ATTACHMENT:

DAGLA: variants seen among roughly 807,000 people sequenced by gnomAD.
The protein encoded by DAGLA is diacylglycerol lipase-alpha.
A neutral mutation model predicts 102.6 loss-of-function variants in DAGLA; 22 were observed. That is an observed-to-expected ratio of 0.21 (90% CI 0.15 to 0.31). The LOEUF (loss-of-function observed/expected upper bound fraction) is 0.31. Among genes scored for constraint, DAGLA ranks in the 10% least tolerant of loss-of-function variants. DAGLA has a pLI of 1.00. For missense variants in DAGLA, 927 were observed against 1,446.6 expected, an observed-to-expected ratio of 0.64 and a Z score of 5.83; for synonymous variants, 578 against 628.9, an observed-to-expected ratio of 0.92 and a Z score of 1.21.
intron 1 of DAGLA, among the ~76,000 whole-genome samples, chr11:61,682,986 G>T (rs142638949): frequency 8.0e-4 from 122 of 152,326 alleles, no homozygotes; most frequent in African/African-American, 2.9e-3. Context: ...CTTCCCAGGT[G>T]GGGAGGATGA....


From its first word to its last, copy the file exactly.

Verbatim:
DAGLA: variants seen among roughly 807,000 people sequenced by gnomAD.
The protein encoded by DAGLA is diacylglycerol lipase-alpha.
A neutral mutation model predicts 102.6 loss-of-function variants in DAGLA; 22 were observed. That is an observed-to-expected ratio of 0.21 (90% CI 0.15 to 0.31). The LOEUF (loss-of-function observed/expected upper bound fraction) is 0.31. Among genes scored for constraint, DAGLA ranks in the 10% least tolerant of loss-of-function variants. DAGLA has a pLI of 1.00. For missense variants in DAGLA, 927 were observed against 1,446.6 expected, an observed-to-expected ratio of 0.64 and a Z score of 5.83; for synonymous variants, 578 against 628.9, an observed-to-expected ratio of 0.92 and a Z score of 1.21.
intron 1 of DAGLA, among the ~76,000 whole-genome samples, chr11:61,682,986 G>T (rs142638949): frequency 8.0e-4 from 122 of 152,326 alleles, no homozygotes; most frequent in African/African-American, 2.9e-3. Context: ...CTTCCCAGGT[G>T]GGGAGGATGA....